• One death was reported from California.
  • The Public Health Agency of Canada has identified people in several Canadian provinces infected with the same DNA fingerprint of E. coli O157:H7.
  • This investigation is ongoing, and CDC will provide updates when more information is available.

CDC Advice On Prevention Of E.coli (Escherichia coli)

Escherichia coli (abbreviated as E. coli) are bacteria found in the environment, foods, and intestines of people and animals.

Most E. coli are harmless and are actually an important part of a healthy human intestinal tract. However, some E. coli can cause diarrhea, urinary tract infections, respiratory illness, bloodstream infections, and other illnesses. The types of E. coli that can cause illness can be transmitted through contaminated water or food, or through contact with animals or people.

What are Shiga toxin-producing E. coli?

Some kinds of E. coli bacteria cause disease when they make a toxin called Shiga toxin. The bacteria that make these toxins are called “Shiga toxin-producing E. coli,” or STEC for short.

How can I prevent a STEC infection?

  • Know your chances of getting food poisoning. People with higher chances for foodborne illness are pregnant women, newborns, children, older adults, and those with weak immune systems, such as people with cancer, diabetes, or HIV/AIDS
  • Practice proper hygiene, especially good handwashing.
    • Wash your hands thoroughly after using the bathroom and changing diapers.
    • Wash your hands thoroughly before and after preparing or eating food.
    • Wash your hands thoroughly after contact with animals or their environments (at farms, petting zoos, fairs, even your own backyard).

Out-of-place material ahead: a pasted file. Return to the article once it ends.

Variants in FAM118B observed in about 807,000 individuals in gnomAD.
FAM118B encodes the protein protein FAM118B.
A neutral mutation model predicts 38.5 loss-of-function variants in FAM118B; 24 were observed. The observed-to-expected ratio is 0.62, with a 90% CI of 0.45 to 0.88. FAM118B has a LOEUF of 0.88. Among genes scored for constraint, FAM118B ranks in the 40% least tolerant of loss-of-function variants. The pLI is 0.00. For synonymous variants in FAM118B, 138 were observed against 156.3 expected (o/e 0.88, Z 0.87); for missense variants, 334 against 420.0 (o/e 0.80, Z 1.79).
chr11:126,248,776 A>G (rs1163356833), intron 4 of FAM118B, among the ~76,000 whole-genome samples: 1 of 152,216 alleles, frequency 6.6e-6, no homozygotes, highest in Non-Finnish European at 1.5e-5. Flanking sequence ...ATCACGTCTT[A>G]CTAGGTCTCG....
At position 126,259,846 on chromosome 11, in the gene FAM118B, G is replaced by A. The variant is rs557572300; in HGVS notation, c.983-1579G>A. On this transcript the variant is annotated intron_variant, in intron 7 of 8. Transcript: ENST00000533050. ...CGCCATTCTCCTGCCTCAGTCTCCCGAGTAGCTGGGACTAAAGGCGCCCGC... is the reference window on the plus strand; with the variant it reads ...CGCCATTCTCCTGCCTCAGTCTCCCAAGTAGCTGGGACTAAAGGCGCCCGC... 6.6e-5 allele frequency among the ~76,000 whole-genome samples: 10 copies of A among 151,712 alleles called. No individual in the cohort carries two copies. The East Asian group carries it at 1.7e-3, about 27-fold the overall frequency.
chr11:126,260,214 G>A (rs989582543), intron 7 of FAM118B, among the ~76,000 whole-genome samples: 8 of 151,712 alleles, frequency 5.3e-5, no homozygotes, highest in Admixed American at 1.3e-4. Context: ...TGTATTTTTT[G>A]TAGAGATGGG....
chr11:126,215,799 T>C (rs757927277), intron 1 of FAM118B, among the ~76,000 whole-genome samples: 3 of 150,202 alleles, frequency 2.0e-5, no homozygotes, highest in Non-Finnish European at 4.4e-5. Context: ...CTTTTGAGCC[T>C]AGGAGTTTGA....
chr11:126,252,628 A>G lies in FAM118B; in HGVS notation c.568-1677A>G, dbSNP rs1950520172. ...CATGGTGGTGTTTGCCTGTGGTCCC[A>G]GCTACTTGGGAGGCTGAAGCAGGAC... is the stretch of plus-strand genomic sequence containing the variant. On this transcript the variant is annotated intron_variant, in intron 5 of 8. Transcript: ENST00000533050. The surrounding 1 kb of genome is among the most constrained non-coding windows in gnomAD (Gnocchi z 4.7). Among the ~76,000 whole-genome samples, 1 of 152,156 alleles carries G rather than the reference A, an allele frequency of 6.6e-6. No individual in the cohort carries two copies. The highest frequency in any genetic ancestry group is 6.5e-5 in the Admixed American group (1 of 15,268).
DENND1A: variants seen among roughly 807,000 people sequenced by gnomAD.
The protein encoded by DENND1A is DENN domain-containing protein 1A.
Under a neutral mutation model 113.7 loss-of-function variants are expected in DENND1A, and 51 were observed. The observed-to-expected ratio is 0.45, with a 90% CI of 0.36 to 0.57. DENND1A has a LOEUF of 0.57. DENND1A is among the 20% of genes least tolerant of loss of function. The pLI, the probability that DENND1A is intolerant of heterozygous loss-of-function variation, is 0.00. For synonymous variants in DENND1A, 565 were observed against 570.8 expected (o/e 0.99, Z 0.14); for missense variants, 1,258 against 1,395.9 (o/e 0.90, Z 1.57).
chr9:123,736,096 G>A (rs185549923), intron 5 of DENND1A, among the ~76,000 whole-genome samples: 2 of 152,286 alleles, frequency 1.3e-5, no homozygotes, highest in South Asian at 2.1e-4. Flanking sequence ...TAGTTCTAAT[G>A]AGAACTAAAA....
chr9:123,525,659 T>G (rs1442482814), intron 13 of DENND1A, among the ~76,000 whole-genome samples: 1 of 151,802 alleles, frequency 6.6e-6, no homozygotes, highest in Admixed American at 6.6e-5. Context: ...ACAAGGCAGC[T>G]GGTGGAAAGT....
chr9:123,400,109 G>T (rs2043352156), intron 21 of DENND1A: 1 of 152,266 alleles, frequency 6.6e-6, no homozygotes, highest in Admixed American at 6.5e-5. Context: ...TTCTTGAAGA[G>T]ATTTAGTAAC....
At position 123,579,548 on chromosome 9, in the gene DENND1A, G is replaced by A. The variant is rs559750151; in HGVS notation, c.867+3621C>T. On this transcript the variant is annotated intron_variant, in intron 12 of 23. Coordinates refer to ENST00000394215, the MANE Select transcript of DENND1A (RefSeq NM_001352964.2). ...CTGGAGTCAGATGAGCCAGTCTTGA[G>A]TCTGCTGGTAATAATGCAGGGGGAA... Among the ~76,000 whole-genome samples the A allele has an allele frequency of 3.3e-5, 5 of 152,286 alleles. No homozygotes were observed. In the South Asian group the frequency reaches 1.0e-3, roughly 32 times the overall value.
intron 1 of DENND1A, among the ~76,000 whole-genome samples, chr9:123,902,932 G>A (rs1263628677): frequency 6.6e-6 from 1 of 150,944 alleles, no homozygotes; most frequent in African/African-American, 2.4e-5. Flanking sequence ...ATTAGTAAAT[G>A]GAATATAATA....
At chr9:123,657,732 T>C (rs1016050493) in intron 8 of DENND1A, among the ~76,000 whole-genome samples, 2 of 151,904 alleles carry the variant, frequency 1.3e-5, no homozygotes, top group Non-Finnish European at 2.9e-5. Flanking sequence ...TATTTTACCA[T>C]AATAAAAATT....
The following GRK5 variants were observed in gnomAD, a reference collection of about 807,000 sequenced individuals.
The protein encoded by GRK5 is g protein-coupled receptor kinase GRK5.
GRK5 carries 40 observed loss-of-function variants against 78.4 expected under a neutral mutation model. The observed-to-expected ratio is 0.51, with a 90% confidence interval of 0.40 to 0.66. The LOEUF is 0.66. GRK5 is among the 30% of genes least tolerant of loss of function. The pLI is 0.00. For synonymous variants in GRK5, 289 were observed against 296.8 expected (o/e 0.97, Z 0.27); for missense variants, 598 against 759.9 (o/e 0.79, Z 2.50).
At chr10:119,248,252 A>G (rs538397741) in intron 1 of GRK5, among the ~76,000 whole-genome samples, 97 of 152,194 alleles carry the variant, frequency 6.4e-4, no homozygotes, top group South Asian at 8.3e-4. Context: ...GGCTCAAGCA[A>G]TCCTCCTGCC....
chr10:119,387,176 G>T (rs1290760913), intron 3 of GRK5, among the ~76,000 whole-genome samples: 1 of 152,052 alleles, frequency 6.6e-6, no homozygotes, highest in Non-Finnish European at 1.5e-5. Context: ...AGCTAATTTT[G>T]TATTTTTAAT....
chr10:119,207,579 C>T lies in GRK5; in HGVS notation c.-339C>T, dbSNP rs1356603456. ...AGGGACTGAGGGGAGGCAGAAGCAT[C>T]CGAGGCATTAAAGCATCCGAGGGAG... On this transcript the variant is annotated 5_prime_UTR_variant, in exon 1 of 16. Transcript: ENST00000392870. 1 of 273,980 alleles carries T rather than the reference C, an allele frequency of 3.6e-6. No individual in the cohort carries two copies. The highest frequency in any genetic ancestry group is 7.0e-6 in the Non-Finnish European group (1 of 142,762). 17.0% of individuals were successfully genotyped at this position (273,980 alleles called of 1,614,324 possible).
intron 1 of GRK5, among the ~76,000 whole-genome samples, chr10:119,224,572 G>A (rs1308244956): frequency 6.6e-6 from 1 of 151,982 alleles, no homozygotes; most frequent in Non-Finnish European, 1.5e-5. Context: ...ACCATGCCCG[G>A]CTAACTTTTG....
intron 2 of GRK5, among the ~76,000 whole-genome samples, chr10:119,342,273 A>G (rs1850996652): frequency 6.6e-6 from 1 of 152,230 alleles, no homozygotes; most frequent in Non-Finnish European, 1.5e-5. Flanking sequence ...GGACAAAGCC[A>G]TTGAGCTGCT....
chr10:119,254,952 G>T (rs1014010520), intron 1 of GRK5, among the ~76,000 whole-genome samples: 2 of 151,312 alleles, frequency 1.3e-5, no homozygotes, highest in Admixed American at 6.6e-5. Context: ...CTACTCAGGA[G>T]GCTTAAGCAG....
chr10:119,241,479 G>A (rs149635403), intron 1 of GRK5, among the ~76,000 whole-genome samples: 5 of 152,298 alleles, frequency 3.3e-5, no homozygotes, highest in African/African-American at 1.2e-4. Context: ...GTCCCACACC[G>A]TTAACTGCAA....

• Wash your hands thoroughly before preparing and feeding bottles or foods to an infant or toddler, before touching an infant or toddler’s mouth, and before touching pacifiers or other things that go into an infant or toddler’s mouth.
    • Keep all objects that enter infants’ and toddlers’ mouths (such as pacifiers and teethers) clean.
    • If soap and water aren’t available, use an alcohol-based hand sanitizer with at least 60% alcohol (check the product label to be sure). These alcohol-based products can quickly reduce the number of germs on hands in some situations, but they are not a substitute for washing with soap and running water.
  • Follow the four steps to food safety when preparing food: clean, separate, cook, and chill.
  • Wash fruits and vegetables well under running water, unless the package says the contents have already been washed.

  • Cook meats thoroughly:
    • To kill harmful germs, cook beef steaks and roasts to an internal temperature of at least 145°F (62.6˚C) and allow to rest for 3 minutes after you remove meat from the grill or stove.
    • Cook ground beef and pork to a minimum internal temperature of 160°F (70˚C).
    • Always use a food thermometer to check that the meat has reached a safe internal temperature because you can’t tell whether meat is safely cooked by looking at its color.
  • Don’t cause cross-contamination in food preparation areas. Thoroughly wash hands, counters, cutting boards, and utensils after they touch raw meat.
  • Avoid raw milk, unpasteurized dairy products, and unpasteurized juices (such as fresh apple cider).
  • Don’t swallow water when swimming and when playing in lakes, ponds, streams, swimming pools, and backyard “kiddie” pools.